It’s with horror and fascination that I watch Donald Trump jockey to be the Republican candidate for president. It would be an humorous diversion if there weren’t so many people who seem supportive of the idea. It’s almost as if Mike Judge’s classic film Idiocracy was some sort of prophecy.
On July 26, 2015, CNN posted the results of a political poll revealing quite a bit about the grass-roots support of the Donald Trump candidacy. There were no huge surprises, but in an article summing up the poll’s responses, this paragraph jumped out at me:
“The majority of those Republicans surveyed that wants Trump to remain in the race includes numbers of those seen as the core of the GOP primary electorate: 58% of white evangelicals, 58% of conservatives, and 57% of tea party supporters.”
58% percent of white evangelicals!? Seriously? At first I thought, “well, it’s obviously just a bad poll” but the more I thought about it, the more I realized that, in many ways, Donald Trump is American evangelicalism’s perfect doppelganger. Here are three things about Trump that might be resonating with evangelicals (because we recognize it in ourselves):
1. He thinks he’s an outsider (spoiler alert: he’s not)
Trump’s whole race is predicated on the idea that he’s a political outsider and the answer to everyone’s frustration with Washington. The problem is that he isn’t really an outsider. He might be newer to the political process, but he has the only thing that’s really important to the process — money!
The whole problem with Washington is money. Wealth and lobbying has had such a corrosive influence on the political climate, and that’s what Trump brings to the table in spades. He is constantly selling his billionaire status as a sign of his success and why he would make a great president, and then consistently demonstrating that his wealth and privilege isolates him from understanding issues like immigration and the problems experienced by common, middle-class Americans.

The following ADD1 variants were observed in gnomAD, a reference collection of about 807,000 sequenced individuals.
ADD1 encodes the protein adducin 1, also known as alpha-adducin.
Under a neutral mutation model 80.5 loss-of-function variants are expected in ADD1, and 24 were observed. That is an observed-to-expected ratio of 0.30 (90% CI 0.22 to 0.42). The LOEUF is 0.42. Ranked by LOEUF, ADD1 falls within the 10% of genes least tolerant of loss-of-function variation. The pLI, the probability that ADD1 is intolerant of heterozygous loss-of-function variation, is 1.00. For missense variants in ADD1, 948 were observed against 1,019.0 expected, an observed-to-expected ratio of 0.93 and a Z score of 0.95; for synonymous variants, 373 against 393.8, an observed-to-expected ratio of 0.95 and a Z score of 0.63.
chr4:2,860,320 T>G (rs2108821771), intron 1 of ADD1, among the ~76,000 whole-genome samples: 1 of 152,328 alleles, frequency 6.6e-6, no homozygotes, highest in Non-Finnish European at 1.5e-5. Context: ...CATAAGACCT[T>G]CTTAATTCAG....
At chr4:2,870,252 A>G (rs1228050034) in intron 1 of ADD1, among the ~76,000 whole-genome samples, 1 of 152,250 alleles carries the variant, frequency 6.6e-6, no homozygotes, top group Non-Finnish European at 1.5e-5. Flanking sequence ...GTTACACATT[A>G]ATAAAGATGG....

He’s just not the stranger to the political process that he’d like to imagine himself to be. His privilege has put him in the same circles and processes that most political pundits frequent. In fact, the way Trump’s donations have been courted by politicians, he’s more insider than he’d have us believe.
Like Trump, American evangelicalism likes to think of itself as an outsider. We’ve developed a mythos that makes us the put-upon and abused minority existing on the outskirts of American culture, but it’s just not true. The fact that we want to believe we’re outsiders leaves us just as out of touch as the Donald.
Christianity has spent over a century at the center of cultural authority in the U.S. When prayer was practiced in schools, it was Christian prayer. When we’ve had faith-based monuments in public spaces, they’ve primarily been Christian. For decades, despite how evangelicalism views itself, it’s been one of the most courted demographics in American politics.
Evangelicalism was born into social influence in the same way that Trump was born into wealth. And every time there is a small shift toward equability for people who don’t share our values, it solidifies in our minds the idea that we’re outsiders. We try to establish our place at the head of the table by appealing to the Judeo-Christian values America was founded upon in the same way that Trump points to his success on NBC’s The Apprentice as a sign that he’d make a great commander-in-chief.
It’s no wonder that evangelicals love Trump; he’s spinning the same fable we are.
2. He exalts candor over wisdom
One thing I hear over and over from people is, “Trump tells it like it is. He’s not afraid to say what we’re all thinking.”
But then I look at some of his gaffes:
- “[John McCain’s] not a war hero. He was a war hero because he was captured. I like people who weren’t captured.”